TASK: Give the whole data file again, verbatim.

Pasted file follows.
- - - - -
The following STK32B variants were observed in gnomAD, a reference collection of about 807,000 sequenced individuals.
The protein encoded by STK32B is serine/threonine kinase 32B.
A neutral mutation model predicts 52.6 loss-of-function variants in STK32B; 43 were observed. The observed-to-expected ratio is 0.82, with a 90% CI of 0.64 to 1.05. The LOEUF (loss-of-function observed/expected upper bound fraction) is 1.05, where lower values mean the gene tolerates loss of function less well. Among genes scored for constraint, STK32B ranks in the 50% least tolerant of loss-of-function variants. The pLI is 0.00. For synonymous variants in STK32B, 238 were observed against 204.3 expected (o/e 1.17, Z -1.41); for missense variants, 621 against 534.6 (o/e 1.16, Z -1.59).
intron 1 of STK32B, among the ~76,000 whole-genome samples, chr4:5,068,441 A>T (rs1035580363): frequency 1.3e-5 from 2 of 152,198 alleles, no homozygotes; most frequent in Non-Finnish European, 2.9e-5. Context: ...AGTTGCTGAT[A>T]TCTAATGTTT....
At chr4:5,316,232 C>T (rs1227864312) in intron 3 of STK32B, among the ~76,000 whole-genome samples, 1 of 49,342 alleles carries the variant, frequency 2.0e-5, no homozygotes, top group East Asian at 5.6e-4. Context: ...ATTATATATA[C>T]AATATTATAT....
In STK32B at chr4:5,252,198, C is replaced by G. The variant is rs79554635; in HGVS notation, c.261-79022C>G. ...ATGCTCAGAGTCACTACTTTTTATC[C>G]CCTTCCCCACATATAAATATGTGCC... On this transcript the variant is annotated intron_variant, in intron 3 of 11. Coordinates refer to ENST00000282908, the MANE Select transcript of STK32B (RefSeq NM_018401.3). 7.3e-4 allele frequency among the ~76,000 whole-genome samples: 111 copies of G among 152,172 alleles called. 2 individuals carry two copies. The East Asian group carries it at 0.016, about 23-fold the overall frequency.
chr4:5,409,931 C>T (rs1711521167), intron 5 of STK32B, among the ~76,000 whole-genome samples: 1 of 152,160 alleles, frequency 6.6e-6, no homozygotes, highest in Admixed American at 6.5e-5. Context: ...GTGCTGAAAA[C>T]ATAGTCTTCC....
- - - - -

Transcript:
The following STK32B variants were observed in gnomAD, a reference collection of about 807,000 sequenced individuals.
The protein encoded by STK32B is serine/threonine kinase 32B.
A neutral mutation model predicts 52.6 loss-of-function variants in STK32B; 43 were observed. The observed-to-expected ratio is 0.82, with a 90% CI of 0.64 to 1.05. The LOEUF (loss-of-function observed/expected upper bound fraction) is 1.05, where lower values mean the gene tolerates loss of function less well. Among genes scored for constraint, STK32B ranks in the 50% least tolerant of loss-of-function variants. The pLI is 0.00. For synonymous variants in STK32B, 238 were observed against 204.3 expected (o/e 1.17, Z -1.41); for missense variants, 621 against 534.6 (o/e 1.16, Z -1.59).
intron 1 of STK32B, among the ~76,000 whole-genome samples, chr4:5,068,441 A>T (rs1035580363): frequency 1.3e-5 from 2 of 152,198 alleles, no homozygotes; most frequent in Non-Finnish European, 2.9e-5. Context: ...AGTTGCTGAT[A>T]TCTAATGTTT....
At chr4:5,316,232 C>T (rs1227864312) in intron 3 of STK32B, among the ~76,000 whole-genome samples, 1 of 49,342 alleles carries the variant, frequency 2.0e-5, no homozygotes, top group East Asian at 5.6e-4. Context: ...ATTATATATA[C>T]AATATTATAT....
In STK32B at chr4:5,252,198, C is replaced by G. The variant is rs79554635; in HGVS notation, c.261-79022C>G. ...ATGCTCAGAGTCACTACTTTTTATC[C>G]CCTTCCCCACATATAAATATGTGCC... On this transcript the variant is annotated intron_variant, in intron 3 of 11. Coordinates refer to ENST00000282908, the MANE Select transcript of STK32B (RefSeq NM_018401.3). 7.3e-4 allele frequency among the ~76,000 whole-genome samples: 111 copies of G among 152,172 alleles called. 2 individuals carry two copies. The East Asian group carries it at 0.016, about 23-fold the overall frequency.
chr4:5,409,931 C>T (rs1711521167), intron 5 of STK32B, among the ~76,000 whole-genome samples: 1 of 152,160 alleles, frequency 6.6e-6, no homozygotes, highest in Admixed American at 6.5e-5. Context: ...GTGCTGAAAA[C>T]ATAGTCTTCC....